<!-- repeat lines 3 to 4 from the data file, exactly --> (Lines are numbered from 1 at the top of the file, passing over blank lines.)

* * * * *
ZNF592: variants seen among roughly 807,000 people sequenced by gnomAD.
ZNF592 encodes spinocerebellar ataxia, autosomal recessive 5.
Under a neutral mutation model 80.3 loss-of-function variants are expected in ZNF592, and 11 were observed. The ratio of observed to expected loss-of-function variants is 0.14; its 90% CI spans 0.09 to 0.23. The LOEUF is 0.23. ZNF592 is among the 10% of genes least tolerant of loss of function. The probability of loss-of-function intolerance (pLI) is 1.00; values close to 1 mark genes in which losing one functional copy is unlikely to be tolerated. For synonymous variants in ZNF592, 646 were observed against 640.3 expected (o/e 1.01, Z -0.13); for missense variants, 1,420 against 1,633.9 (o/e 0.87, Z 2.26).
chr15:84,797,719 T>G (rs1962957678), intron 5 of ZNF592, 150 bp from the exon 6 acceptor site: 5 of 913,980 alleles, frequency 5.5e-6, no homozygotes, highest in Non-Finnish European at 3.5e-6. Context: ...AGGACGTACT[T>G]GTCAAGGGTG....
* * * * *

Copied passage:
Under a neutral mutation model 80.3 loss-of-function variants are expected in ZNF592, and 11 were observed. The ratio of observed to expected loss-of-function variants is 0.14; its 90% CI spans 0.09 to 0.23. The LOEUF is 0.23. ZNF592 is among the 10% of genes least tolerant of loss of function. The probability of loss-of-function intolerance (pLI) is 1.00; values close to 1 mark genes in which losing one functional copy is unlikely to be tolerated. For synonymous variants in ZNF592, 646 were observed against 640.3 expected (o/e 1.01, Z -0.13); for missense variants, 1,420 against 1,633.9 (o/e 0.87, Z 2.26).
chr15:84,797,719 T>G (rs1962957678), intron 5 of ZNF592, 150 bp from the exon 6 acceptor site: 5 of 913,980 alleles, frequency 5.5e-6, no homozygotes, highest in Non-Finnish European at 3.5e-6. Context: ...AGGACGTACT[T>G]GTCAAGGGTG....